Volkswagen’s original Scirocco was admittedly not a perfect car, but today’s Nice Price or Crack Pipe edition might just be its most perfect example. That’s only if however, its price makes perfect sense.
Let’s say you are a groovy single mom with a pack of squeaky clean kids stuck in the ‘60s, and you drive around the country performing inoffensive but hook-laden pop diddies, what then would be your ride? Well, if you lack the Partridge Family’s tour budget and hence can’t afford that psychedelic school bus then maybe you might find yesterday’s 1961 International C-120 Camper a fitting ride for your musical family.
A whole lot of you were singing its tune as that classic camper came away with a hefty 85% Nice Price win. And that was despite half of you worrying that it would most likely smell like an old sock.
I think we should tally up the works of the most famous Italian designers and see who has penned the greatest number of famous and lust-worthy cars. I’m going to guess that when it comes to the stuff your average Jalop can’t afford the winner would be Pininfarina. Move the needle down the dial however, to cars of a more modest price range, and you’ll likely find Giorgetto Giugiaro’s Italdesign is well in the running.
Today’s 1980 Volkswagen Scirocco is one of Giugiaro’s finest efforts, and this car is claimed to be an award winning example of the breed. It’s also said to be a one-owner car, quite the remarkable achievement for a 37-year old ride. Even more remarkable is that the car has only 35,000 miles on the clock.
Most everything on the car is original, right down to the upholstery and amazingly crack-free dash. There is a period-correct aftermarket stereo with separate graphic equalizer and electric antenna in there too, but otherwise it all looks pretty righteous.
The bodywork is likewise clean, and as it’s claimed to have been garaged all its life, is rust-free. That’s amazing as the bodies for this generation of Scirocco were built by Karmann the company known both for inventing rust, and offering the greatest advances in its application.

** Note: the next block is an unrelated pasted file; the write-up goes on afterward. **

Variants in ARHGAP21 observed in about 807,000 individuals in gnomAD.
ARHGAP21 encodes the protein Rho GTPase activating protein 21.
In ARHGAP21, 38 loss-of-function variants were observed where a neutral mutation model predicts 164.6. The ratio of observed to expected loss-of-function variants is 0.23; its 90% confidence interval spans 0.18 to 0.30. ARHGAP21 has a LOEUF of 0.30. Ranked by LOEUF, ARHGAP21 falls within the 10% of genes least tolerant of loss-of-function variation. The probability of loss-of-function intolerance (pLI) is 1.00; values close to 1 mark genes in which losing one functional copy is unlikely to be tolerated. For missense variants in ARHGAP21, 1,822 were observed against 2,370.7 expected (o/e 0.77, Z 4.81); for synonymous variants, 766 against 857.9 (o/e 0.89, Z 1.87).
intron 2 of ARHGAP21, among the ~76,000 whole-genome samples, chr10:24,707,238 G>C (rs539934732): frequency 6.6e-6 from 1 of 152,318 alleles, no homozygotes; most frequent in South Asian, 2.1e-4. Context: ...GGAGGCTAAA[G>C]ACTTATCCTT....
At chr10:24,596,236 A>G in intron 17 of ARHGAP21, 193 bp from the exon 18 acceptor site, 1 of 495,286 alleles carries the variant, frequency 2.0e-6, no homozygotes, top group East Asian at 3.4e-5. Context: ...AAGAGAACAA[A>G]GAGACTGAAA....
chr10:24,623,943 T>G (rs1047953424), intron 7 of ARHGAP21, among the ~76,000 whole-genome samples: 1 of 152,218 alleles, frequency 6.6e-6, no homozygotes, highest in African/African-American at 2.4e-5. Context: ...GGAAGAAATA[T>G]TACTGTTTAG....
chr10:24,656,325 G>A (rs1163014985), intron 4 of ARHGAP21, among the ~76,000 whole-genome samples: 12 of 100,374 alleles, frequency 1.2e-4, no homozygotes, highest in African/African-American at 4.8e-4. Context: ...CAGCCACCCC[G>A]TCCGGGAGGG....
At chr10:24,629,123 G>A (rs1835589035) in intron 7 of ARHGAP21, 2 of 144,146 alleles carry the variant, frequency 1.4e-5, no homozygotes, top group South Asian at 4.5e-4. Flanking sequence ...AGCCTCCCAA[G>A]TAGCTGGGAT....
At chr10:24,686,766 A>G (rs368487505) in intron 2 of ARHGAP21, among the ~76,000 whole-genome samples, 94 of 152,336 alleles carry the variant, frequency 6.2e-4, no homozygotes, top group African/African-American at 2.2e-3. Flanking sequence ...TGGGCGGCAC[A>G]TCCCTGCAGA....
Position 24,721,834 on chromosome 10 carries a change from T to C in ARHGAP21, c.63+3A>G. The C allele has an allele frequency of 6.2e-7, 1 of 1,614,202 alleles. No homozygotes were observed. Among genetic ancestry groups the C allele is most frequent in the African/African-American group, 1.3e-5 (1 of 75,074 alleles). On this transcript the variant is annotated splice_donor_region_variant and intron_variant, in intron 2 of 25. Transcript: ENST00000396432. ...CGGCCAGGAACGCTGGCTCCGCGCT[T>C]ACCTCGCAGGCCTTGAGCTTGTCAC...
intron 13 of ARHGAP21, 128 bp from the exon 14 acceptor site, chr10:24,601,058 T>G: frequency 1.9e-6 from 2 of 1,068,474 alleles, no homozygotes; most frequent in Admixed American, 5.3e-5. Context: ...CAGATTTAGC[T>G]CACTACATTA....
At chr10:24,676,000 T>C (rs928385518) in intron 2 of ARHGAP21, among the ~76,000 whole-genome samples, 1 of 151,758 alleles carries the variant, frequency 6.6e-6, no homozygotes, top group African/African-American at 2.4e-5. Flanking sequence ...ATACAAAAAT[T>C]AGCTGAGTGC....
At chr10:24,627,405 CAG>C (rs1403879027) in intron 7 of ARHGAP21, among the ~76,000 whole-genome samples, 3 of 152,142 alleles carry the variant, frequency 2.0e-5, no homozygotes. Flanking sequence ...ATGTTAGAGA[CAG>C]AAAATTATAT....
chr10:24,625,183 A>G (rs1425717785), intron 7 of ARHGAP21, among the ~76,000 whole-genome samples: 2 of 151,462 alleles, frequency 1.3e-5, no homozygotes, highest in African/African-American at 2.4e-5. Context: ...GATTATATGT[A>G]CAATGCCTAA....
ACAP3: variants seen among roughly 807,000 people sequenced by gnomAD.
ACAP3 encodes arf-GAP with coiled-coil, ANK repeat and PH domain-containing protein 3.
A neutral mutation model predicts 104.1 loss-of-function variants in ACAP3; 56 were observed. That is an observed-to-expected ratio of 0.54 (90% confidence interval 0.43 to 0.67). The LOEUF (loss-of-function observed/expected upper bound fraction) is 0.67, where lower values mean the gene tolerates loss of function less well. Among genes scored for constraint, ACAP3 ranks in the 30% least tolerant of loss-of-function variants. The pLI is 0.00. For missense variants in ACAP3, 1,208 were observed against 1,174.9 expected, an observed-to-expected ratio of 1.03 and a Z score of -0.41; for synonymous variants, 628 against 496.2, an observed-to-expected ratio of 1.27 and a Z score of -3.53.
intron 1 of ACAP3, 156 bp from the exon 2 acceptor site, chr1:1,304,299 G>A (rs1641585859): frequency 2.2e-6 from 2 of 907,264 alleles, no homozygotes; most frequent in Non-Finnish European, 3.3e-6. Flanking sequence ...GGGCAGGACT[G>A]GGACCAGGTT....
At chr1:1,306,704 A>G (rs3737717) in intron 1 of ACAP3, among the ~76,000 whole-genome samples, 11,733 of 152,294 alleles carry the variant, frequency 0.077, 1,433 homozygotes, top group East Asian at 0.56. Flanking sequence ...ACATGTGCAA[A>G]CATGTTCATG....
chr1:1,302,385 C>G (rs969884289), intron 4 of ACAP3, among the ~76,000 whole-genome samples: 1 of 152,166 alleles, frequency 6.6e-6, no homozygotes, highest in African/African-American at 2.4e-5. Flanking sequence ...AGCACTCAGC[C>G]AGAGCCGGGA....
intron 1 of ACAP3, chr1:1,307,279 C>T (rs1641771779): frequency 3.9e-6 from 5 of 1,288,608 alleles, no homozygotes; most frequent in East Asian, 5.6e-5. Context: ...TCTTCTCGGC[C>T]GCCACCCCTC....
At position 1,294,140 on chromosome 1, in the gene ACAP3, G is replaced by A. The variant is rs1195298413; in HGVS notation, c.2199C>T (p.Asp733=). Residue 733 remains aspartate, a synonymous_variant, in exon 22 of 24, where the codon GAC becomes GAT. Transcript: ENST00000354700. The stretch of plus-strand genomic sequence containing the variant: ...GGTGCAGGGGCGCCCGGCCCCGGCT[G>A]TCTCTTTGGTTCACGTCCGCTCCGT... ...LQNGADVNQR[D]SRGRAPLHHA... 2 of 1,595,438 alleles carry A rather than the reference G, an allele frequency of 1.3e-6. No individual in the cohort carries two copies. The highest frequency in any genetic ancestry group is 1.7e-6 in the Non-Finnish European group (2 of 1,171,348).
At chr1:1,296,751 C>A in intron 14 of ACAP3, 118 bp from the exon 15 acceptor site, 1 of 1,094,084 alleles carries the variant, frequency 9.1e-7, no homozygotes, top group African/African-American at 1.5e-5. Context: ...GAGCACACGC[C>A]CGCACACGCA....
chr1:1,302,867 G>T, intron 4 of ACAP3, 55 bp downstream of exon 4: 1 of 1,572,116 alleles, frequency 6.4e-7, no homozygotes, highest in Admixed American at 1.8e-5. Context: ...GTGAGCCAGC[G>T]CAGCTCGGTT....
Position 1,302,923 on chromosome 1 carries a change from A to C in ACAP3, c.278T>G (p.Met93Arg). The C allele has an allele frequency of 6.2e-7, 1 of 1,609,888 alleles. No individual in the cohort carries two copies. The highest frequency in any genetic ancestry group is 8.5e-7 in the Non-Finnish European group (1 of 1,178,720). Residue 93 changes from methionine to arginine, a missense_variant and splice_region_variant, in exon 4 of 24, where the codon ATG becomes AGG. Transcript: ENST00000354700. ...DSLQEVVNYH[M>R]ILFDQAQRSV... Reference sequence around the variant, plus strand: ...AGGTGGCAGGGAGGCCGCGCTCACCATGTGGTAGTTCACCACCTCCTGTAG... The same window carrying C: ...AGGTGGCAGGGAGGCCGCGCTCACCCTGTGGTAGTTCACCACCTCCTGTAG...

That exterior also has some right-for-the-era add-ons, including a reflector panel between the tail lamps that unfortunately required drilling into the plastic bumper for the license plate mount. Up front there’s a Zender (no, not the guy from Cheap Trick) airdam which is a little bit less invasive.
That’s carried around the sides and set off against a set of aftermarket turbine wheels. Red striping on the bumpers and badge recall that of the Rabbit GTI, as does the golf ball shift knob for the five speed transmission.
That tranny is bolted to a 1,588-cc SOHC four that, back in 1980, was claimed to make 78-bhp. The cool thing about transverse FWD VW’s is their Lego-like nature. I’m sure you could drop a 2-litre gen-3 EA888 in here without too much fuss. The mill that’s here looks clean, although there are a number of questionable wires running around it. Perhaps those are related to the “upgraded speakers” that are part of the Clarion sound system the car carries.
New tires are an added incentive for prospective buyers, as is the claim that the car is an award winner. According to the ad it took best interior in a Volkswagen/Audi show in 2000, and second place over all.
What does all that winning cost? Well, in this case the price tag reads $9,950. That’s not chicken feed for a modestly powered car lacking most modern safety and convenience features, but is it too much for what’s now considered to be a classic VW, and furthermore one of the finest examples of the breed?
H/T to Jonvws for the hookup!
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